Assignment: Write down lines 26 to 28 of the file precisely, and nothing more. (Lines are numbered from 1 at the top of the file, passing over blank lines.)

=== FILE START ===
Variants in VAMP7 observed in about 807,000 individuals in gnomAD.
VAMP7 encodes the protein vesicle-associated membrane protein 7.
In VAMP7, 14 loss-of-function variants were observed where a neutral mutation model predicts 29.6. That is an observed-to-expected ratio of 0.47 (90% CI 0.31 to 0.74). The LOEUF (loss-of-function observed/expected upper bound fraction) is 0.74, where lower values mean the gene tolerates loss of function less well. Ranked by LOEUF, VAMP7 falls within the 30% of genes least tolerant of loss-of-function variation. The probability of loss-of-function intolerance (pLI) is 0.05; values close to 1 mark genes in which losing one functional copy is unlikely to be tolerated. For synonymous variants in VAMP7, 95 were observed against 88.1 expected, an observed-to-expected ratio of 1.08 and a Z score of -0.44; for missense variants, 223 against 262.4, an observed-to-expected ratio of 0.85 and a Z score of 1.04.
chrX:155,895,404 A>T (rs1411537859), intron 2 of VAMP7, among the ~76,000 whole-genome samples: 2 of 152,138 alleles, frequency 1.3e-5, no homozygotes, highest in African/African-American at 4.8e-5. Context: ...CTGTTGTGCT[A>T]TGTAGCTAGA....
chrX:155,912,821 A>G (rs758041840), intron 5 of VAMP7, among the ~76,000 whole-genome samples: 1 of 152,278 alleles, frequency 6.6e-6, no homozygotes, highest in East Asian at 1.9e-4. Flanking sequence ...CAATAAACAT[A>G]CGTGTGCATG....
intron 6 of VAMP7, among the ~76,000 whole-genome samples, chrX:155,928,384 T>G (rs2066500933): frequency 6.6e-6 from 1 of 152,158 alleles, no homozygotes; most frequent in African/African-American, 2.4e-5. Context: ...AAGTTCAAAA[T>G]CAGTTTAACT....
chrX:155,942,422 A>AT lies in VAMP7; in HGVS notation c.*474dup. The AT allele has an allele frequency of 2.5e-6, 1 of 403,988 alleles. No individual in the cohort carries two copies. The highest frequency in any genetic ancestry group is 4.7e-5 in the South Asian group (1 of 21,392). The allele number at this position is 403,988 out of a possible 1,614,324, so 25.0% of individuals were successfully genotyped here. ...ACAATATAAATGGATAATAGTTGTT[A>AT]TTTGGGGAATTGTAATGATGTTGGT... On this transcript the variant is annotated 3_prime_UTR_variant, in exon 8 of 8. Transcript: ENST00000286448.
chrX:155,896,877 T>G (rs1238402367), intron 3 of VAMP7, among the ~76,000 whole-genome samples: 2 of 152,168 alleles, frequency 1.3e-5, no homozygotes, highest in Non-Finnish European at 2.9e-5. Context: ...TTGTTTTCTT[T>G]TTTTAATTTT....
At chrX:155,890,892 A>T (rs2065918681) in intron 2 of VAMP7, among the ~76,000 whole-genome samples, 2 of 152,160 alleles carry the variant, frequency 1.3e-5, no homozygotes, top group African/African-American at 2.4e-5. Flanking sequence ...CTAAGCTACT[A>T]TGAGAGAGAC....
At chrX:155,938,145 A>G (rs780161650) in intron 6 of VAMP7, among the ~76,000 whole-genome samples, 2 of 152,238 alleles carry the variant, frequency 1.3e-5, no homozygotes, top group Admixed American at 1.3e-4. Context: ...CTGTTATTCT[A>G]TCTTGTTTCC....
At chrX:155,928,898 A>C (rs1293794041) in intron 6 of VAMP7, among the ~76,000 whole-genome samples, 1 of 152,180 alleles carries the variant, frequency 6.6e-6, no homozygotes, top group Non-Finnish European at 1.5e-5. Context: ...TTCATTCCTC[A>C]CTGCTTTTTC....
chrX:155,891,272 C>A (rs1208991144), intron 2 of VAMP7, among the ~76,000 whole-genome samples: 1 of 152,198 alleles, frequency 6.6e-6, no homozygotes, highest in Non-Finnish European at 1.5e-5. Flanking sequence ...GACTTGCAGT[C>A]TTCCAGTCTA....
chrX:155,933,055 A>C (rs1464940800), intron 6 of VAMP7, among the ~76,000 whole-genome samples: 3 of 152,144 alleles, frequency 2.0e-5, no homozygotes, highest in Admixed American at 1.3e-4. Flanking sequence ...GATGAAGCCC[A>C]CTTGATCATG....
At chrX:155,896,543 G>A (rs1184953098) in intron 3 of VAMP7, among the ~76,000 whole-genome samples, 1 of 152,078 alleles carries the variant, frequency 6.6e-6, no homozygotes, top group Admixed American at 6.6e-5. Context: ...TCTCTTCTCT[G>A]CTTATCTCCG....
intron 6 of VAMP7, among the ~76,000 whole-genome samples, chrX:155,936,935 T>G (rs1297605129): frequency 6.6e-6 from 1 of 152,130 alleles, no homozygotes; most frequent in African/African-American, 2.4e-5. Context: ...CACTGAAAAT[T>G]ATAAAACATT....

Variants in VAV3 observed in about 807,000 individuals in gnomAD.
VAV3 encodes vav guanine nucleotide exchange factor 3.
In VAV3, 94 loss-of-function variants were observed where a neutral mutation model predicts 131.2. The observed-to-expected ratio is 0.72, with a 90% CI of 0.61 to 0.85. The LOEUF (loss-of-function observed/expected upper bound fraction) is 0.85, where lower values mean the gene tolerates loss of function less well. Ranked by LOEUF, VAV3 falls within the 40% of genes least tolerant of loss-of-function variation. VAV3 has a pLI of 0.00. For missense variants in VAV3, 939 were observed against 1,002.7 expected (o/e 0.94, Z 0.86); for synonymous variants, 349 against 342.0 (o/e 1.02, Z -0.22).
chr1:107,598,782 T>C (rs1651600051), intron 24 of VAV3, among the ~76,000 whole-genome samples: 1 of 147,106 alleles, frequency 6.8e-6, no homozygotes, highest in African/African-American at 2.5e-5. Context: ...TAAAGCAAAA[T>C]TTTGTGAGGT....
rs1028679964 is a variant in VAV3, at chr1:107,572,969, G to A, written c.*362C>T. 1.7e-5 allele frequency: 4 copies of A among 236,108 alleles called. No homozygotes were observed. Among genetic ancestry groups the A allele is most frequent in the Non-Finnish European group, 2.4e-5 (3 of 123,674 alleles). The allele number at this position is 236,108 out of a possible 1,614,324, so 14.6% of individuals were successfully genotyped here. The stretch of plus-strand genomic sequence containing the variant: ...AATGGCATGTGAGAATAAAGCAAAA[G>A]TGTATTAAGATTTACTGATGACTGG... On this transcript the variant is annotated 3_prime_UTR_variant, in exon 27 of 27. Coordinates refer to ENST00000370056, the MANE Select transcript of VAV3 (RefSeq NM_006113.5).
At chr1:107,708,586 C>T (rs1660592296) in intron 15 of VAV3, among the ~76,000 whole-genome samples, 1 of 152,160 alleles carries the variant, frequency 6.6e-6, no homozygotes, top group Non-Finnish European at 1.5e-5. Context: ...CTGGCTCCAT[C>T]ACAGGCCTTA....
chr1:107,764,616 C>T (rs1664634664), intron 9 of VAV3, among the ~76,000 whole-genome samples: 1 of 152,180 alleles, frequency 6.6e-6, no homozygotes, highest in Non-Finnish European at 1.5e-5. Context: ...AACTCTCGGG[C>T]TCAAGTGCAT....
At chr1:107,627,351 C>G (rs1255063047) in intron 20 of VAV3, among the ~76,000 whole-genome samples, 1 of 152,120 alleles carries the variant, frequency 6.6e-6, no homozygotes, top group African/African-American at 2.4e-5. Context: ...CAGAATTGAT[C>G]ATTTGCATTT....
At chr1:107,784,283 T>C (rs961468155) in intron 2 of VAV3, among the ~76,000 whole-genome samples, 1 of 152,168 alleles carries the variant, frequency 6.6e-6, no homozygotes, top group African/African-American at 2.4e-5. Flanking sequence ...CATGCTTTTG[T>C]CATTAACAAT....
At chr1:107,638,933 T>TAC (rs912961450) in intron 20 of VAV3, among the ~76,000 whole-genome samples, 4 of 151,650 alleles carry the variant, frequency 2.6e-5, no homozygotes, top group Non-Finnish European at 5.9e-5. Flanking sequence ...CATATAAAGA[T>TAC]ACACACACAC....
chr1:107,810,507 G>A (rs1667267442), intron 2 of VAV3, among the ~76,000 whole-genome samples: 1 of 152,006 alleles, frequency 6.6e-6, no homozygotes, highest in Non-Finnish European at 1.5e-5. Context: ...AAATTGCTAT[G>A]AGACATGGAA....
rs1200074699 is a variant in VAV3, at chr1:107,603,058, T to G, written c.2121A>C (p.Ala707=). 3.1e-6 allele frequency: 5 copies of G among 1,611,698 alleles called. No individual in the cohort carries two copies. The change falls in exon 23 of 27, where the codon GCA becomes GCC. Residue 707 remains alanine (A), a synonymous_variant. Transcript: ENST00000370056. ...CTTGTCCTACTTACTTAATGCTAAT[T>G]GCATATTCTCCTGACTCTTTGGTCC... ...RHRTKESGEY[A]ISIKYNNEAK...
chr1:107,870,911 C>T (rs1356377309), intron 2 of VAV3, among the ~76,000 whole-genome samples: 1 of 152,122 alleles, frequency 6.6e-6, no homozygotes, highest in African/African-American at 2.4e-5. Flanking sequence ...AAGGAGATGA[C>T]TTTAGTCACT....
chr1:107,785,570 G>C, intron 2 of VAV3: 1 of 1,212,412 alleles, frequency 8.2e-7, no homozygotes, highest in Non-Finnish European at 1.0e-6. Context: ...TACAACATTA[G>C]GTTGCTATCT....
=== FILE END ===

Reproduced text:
chr1:107,810,507 G>A (rs1667267442), intron 2 of VAV3, among the ~76,000 whole-genome samples: 1 of 152,006 alleles, frequency 6.6e-6, no homozygotes, highest in Non-Finnish European at 1.5e-5. Context: ...AAATTGCTAT[G>A]AGACATGGAA....
rs1200074699 is a variant in VAV3, at chr1:107,603,058, T to G, written c.2121A>C (p.Ala707=). 3.1e-6 allele frequency: 5 copies of G among 1,611,698 alleles called. No individual in the cohort carries two copies. The change falls in exon 23 of 27, where the codon GCA becomes GCC. Residue 707 remains alanine (A), a synonymous_variant. Transcript: ENST00000370056. ...CTTGTCCTACTTACTTAATGCTAAT[T>G]GCATATTCTCCTGACTCTTTGGTCC... ...RHRTKESGEY[A]ISIKYNNEAK...
chr1:107,870,911 C>T (rs1356377309), intron 2 of VAV3, among the ~76,000 whole-genome samples: 1 of 152,122 alleles, frequency 6.6e-6, no homozygotes, highest in African/African-American at 2.4e-5. Flanking sequence ...AAGGAGATGA[C>T]TTTAGTCACT....